- Seat selection is key. When you do your checking in online, why not avail of free seat selection? You can choose an aisle or window seat, at the front or back of the plane. Choice is power.
- Use the bathroom before you get on the plane, and if you can wait, after you get off. Airport bathrooms are so much more spacious than tiny airplane lavatories, no kidding. Plus, towards the end of a flight, airplane toilets are known to get really dirty.
So, you’re all set for your flight and you’re now in your seat, waiting for take-off. But how can you make the next 8 (or more) hours more bearable?
Ways to reclaim comfort on your next flight
- Wear comfortable clothes (nothing too tight or constricting because you will be seated for a very long time and you’ll probably need to remove your belt at the security check anyway, so just put your belt in your carry-on.) But don’t dress down too much – don’t wear anything that you’d use to sleep in, right? Keep it simple, comfy but classy.
- Layers are best for warmth, since planes can get cold, so bring a jacket and a poncho or scarf. Bring soft thick socks for walking around the plane too, and wear comfortable shoes because airports are huge and you will often have to walk from one end to another to catch connecting flights, lugging all your carry-on.
- Bring your own travel pillow, since airplane pillows are often too flat to be comfortable. Especially for people who have pain in the neck or back, a good travel pillow is a life-saver! And because I travel so much I reviewed the best travel pillows available on the market.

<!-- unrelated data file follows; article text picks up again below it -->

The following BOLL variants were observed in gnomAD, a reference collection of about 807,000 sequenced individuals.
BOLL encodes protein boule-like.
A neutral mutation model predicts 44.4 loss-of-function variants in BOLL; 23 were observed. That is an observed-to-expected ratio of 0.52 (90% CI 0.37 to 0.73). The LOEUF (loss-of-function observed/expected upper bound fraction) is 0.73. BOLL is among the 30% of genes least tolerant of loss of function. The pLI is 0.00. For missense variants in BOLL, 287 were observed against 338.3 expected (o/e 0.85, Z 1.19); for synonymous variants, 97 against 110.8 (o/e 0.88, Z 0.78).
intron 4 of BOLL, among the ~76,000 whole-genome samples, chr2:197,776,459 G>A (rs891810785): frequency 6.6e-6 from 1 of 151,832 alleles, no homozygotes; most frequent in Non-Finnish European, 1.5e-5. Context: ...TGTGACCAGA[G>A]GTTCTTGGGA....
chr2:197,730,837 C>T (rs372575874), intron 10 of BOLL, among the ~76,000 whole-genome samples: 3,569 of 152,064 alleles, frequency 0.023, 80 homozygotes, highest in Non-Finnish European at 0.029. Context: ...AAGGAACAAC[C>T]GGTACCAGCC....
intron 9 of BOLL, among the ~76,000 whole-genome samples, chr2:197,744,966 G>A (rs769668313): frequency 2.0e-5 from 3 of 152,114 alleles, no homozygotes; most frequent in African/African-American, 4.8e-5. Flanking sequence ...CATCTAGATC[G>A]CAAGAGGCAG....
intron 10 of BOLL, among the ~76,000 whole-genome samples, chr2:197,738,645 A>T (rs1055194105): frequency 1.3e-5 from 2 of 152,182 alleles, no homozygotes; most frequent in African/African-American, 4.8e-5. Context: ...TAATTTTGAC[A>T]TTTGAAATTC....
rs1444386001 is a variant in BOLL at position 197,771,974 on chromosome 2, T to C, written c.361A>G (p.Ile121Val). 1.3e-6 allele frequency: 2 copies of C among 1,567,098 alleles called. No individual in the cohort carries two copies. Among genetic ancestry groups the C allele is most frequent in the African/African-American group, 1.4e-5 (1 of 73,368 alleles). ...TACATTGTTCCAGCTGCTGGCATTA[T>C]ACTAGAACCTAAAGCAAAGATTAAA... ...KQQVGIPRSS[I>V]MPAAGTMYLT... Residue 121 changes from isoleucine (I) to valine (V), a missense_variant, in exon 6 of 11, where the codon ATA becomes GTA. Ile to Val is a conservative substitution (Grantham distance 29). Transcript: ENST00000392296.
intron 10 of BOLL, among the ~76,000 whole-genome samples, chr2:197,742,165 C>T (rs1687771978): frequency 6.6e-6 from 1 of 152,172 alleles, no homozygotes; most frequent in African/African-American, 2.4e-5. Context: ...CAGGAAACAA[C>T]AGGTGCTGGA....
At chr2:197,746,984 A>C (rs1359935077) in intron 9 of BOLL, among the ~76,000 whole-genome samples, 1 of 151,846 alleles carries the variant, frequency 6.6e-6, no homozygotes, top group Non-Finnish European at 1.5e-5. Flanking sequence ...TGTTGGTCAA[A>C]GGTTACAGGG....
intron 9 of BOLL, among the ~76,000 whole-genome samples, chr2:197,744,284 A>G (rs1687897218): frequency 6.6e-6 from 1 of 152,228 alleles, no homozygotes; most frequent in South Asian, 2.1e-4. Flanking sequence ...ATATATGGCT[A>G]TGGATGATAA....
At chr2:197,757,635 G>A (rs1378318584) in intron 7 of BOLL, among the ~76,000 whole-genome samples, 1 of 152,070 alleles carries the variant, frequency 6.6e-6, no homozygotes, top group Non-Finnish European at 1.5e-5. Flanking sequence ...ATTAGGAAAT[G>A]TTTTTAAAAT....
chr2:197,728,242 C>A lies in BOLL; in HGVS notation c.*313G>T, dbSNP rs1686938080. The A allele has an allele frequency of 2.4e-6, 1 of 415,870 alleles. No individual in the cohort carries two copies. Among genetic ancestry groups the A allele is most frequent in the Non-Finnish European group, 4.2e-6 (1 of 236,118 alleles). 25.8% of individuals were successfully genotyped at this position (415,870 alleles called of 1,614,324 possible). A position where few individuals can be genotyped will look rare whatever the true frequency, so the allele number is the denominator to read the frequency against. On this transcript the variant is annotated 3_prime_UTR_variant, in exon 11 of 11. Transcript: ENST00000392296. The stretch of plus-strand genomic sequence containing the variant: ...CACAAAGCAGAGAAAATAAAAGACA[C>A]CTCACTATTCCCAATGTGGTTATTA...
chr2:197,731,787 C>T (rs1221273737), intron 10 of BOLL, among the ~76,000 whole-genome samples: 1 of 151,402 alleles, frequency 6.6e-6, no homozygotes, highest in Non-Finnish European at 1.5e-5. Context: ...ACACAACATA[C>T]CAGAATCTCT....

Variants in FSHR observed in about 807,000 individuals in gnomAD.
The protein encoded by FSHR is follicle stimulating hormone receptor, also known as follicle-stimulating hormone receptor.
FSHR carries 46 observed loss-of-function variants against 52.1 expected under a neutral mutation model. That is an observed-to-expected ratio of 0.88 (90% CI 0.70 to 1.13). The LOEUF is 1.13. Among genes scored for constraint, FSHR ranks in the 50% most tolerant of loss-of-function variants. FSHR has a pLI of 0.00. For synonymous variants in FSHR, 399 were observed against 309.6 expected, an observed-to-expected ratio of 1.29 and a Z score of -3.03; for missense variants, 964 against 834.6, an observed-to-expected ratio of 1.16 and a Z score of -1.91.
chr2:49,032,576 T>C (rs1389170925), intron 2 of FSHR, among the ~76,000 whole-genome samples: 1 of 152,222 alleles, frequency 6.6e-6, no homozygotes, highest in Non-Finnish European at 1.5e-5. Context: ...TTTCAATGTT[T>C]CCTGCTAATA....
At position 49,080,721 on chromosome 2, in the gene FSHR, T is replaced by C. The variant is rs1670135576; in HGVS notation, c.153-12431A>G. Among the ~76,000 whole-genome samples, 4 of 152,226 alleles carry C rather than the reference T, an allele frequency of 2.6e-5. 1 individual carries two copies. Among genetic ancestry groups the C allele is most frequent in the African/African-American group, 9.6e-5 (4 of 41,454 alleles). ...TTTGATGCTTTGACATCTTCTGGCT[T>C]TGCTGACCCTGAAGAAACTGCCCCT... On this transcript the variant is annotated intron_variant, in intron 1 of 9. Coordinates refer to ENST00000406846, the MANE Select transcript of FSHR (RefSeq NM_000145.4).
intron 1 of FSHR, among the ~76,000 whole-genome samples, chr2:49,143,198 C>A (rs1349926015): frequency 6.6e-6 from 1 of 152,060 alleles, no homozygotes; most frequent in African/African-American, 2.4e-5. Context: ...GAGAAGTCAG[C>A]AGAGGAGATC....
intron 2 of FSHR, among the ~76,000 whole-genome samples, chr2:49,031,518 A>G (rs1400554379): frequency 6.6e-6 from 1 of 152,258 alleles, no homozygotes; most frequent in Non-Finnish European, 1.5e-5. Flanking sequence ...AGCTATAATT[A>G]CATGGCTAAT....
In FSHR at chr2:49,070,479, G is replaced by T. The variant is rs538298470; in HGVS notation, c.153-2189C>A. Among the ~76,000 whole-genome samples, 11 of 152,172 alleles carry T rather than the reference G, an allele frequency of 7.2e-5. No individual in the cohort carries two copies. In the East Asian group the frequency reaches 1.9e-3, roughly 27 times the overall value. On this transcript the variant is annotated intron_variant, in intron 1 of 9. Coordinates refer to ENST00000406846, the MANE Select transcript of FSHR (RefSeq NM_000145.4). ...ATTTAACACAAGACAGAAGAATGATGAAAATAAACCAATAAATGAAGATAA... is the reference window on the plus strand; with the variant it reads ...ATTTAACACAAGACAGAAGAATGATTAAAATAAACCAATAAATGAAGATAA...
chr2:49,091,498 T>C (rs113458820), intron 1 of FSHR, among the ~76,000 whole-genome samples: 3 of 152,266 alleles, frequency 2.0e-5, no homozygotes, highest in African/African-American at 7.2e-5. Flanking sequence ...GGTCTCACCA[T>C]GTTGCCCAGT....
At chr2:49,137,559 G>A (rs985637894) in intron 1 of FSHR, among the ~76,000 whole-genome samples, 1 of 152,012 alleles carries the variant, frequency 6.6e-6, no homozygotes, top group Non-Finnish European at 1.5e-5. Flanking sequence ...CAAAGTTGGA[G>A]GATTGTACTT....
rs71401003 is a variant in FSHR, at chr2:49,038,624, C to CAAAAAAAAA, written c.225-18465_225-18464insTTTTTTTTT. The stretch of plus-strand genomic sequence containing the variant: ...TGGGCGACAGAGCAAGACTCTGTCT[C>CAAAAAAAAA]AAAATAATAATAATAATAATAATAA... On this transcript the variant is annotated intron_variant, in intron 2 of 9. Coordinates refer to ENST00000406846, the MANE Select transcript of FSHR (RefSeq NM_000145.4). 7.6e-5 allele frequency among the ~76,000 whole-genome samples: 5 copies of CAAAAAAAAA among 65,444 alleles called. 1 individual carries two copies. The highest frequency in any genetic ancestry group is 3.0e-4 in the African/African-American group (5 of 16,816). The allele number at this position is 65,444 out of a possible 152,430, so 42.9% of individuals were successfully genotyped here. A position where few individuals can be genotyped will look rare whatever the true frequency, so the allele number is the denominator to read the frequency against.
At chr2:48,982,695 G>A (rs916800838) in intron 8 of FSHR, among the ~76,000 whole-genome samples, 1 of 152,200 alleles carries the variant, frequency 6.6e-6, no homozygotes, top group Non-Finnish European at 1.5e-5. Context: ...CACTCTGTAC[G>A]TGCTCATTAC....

- Choose your seat well. According to this article on flight aggregator Skyscanner, 6A is the best seat on the plane. But I think it’s up to each person’s comfort. Personally, I prefer a seat at the back, as it often has more space to stretch out. And if you do end up with a seat you don’t like so much, don’t be afraid to ask one of the flight crew if there’s an empty one you can move to.
- Be nice to the flight crew. This will give you the confidence to ask for what you need at any time on the flight. And if you want a seat upgrade, there is no chance that the crew will give it to you if you are unpleasant toward them. Smile. Greet them good morning. Say please and thank you. Simple courtesy and good manners can go a long way!
- If you are serious about getting a seat upgrade to business class or first class, Skyscanner tells us how to do it here. No harm in asking, right? If you never try, you’ll never no. And even if they do say no, they might give you a free glass of champagne to soften the rejection.
- If you are very tall, you may want to spend a little more for premium economy. The extra space and/or legroom will be worth it, especially on long flights. The website of the airline you’re flying will show you how to avail of this.
- Keep only what you need with you at your seat – anything else should be put away in the overhead bin. If you have too much stuff – bags, laptop, books, etc., these will need to be put under the seat in front of you, which means less legroom for you. And you do need all the space you can get.
- Do things on the flight that cause you to relax. Personally, I can never watch or read anything serious when I fly, I need lighthearted movies (rom-coms are my to go) and summer beach reads (even when its minus degrees outside)! I think your first priority is to get as much rest as you can so that you arrive at your destination at your best.
- Be willing to engage. There is nothing like a good conversation to make time whiz by. On my last flight from Europe, I met this lovely couple from England and we ended up talking for three hours, and it made the time go by very quickly.
Long flights: video
Don’t like reading, check out these guys: